Chakra yoga. During our journey, we feel the surrounding world with all our senses. Each sense has its own chakra. We sense subtle and crude flavours and shades of earth and plants. Especially if we walk in the flowering summer meadow at noon, inhaling the scent of grass and flowers heated by the sun. And how delicious is the most simple food on a trip! If we find some berries or fruits, all these gifts of nature are ready to burst with new incredible sensations in the mouth. Our sense organs are discovering familiar tastes and flavours in a new way. During the trip we can feed all our senses: smell, taste, vision, touch, hearing (yoga also defines intuition as the sixth sense), and feel the new experience of contemplating the Universe.
Nyasa yoga. If it’s possible, we can walk barefoot and concentrate on the feelings in our feet, feel the ground surface, what it is like: hard or soft; feel each little stone and blade of grass. Or how about the wind touching our skin, playing with our hair, or the grass caressing our feet, the tree branches smoothly running over our arms, and we accept the world and the world accepts us. We touch it softly and gently and it responds to our love immediately. The sense of touch is nyasa yoga.
Mantra and Nada yoga. We often feel the desire to sing or to hum a favourite song, or may be a mantra, which goes well with walking. Mantra yoga is when we pronounce different sounds or simulate sound vibrations. When we hear and perceive them — it is Nada yoga. Our ears pick up nature sounds: bees buzzing, river streaming, birds singing, wind rustling in leaves — and we merge with these sounds in harmony.
Jnana yoga. Using our mind is certainly a part of this process. On the way we gather and analyze the information about the world and sometimes we let our thoughts rest. In these moments of silence of the mind, intuitive knowledge comes to us. When we walk our path and know everything without knowing, the knowledge comes from our source — the Higher Self.
As such, while we are walking, we involve all our manifestations. We gather all sorts of our feelings and gain new knowledge about the world order. It comes by itself, naturally and harmoniously.
Working with associative links. Asceticism
When we go for a long walk on our own, for a few days in a savage terrain — it is a real practice of asceticism. It helps us to break irrelevant associative links and accumulate the released life force — prana — and use it in the right way, forming new appropriate associations. By changing our lifestyle temporarily and putting ourselves into quite uncomfortable conditions, we give up old habits and gain new ones. If we practice together with like-minded people, “Yoga paths” becomes a very interesting and useful joint practice.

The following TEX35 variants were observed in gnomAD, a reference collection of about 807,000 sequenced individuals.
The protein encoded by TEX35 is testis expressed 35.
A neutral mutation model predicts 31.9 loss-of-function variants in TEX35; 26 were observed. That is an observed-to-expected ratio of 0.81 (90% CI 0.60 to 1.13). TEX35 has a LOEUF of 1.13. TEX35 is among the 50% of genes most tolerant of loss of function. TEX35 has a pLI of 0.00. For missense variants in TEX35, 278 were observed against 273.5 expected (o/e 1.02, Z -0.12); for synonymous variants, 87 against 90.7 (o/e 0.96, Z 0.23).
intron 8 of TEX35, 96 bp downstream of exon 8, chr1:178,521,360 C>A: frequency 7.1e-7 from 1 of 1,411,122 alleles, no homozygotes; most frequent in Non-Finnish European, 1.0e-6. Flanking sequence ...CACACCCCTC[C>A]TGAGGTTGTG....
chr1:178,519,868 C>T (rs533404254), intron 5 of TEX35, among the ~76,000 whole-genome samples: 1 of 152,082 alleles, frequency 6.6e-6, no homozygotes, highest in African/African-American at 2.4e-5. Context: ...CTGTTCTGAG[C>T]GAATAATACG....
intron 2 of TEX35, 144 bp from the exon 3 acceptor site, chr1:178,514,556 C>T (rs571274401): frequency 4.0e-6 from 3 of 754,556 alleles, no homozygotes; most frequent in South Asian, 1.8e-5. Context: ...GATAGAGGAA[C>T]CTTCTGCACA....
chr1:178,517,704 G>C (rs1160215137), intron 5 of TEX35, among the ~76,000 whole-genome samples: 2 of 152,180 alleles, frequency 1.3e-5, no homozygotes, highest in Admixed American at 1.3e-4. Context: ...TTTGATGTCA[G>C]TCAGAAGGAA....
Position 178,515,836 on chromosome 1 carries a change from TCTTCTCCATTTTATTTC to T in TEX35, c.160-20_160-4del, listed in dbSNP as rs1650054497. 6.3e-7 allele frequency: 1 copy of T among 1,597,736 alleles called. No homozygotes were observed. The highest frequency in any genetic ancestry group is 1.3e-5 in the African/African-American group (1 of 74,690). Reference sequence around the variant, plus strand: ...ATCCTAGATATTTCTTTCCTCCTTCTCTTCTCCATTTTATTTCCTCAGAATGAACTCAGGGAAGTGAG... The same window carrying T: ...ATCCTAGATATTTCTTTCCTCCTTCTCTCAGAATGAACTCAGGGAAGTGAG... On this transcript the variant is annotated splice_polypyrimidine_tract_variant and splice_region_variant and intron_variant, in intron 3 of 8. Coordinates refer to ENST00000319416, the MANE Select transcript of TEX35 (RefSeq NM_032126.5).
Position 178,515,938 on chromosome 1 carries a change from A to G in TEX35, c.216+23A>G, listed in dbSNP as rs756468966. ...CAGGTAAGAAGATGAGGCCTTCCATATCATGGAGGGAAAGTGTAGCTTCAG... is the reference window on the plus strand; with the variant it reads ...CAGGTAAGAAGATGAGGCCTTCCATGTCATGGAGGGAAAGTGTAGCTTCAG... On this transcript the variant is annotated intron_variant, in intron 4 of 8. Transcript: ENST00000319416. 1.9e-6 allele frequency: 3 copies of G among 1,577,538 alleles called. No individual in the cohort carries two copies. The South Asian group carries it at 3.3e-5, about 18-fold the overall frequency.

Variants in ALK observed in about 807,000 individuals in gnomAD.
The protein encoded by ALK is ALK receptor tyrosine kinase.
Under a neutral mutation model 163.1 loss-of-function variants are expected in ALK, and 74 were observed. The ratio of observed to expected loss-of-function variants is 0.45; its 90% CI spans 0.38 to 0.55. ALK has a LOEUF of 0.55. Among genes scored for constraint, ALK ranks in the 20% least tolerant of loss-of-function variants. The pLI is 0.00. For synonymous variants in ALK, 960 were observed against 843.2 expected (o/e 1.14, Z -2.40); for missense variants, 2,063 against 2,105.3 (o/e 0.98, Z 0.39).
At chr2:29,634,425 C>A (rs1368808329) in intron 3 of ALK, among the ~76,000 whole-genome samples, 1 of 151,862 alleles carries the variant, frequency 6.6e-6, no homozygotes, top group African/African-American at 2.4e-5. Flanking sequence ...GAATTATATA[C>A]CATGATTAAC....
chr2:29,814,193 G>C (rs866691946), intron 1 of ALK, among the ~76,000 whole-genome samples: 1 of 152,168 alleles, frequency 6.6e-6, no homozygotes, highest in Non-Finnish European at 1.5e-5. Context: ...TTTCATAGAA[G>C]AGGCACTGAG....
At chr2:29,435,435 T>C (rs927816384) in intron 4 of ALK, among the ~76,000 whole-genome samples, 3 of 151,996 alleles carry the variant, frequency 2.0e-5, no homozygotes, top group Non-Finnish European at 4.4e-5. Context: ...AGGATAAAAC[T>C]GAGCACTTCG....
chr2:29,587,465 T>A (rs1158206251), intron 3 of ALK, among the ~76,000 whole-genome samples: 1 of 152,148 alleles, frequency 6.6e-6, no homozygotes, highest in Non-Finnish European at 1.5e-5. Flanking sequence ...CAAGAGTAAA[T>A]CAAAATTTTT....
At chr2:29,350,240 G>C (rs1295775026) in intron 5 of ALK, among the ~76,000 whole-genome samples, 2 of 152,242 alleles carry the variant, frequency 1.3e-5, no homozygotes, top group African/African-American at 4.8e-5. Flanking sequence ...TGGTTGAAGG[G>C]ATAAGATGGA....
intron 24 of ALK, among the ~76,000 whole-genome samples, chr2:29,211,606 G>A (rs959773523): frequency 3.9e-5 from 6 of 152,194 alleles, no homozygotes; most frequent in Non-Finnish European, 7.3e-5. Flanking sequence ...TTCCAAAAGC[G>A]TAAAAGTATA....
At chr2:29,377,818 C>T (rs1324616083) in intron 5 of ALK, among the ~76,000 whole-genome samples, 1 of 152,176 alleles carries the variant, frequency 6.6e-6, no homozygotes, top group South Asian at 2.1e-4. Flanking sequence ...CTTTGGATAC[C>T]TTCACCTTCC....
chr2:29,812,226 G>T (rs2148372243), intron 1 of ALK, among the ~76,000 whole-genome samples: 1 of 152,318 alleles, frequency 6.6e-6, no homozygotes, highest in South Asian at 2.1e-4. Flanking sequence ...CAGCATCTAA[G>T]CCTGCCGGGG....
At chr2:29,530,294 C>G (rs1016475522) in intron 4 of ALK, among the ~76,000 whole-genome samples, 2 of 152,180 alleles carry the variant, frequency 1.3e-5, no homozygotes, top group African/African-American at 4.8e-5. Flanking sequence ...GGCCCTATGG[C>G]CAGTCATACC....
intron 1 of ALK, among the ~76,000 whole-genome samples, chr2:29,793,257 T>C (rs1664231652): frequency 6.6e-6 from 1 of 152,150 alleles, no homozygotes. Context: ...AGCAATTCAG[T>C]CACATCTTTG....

Taste of freedom and a choice of travel
If we realise our freedom even to the slightest extent, we should realise our responsibility, if we try this practice for the first time. Going on a trip, it is important to ensure the support and guidance of our relatives or friends, otherwise the journey may fail or not happen at all. Then, armed with the Yoga Principles, we can walk up the road with courage and joy. No matter where this road takes us: urban maze or wilderness of nature, we should always remember the two main yoga principles.
Where could a person go in the modern urban life? There is always an option. We can discover our own city, by charting a route through a city street maze. There are peculiarities of the practice in a city: it is impossible to switch off and completely let go. The noise, the transport, the people — all these distractions will be some sort of obstacles on the way.
We can, after looking at the maps, drive to the sparsely populated area and then start walking, or go to the nearest village out of the city. We can walk without any particular purpose and be ready for an adventure.
The practice “Following the paths”, though very ancient, is still relevant. It helps us to get out of familiar places, where we live and work, and to change our lifestyle tremendously for some time. It allows us to look at our life from a different perspective. We can notice something irrelevant and probably would want to replace it with something more appropriate. On the way, we work with all our internal structures — from our gross sense organs to more subtle, which are directly related with some fundamental parts of yoga. The travel becomes by itself a natural deep practice, which can — with harmonious approach and by following the yoga principles — speed up our personal spiritual development on the way to self-knowledge.
Make a step towards the Universe
and it will make a thousand steps towards you!
Author: Nastya Narayani
Picture: Nastya Narayani
Editors: Mariya Gayatri, Alla Ravi, Olga Belous, Eva May, Evgenia Agni
Chief Editor: Mirra
Project curator: Kerigona
Translators: Tatiana Sugrue, Nat Satcitananda, Tatiana Atishaya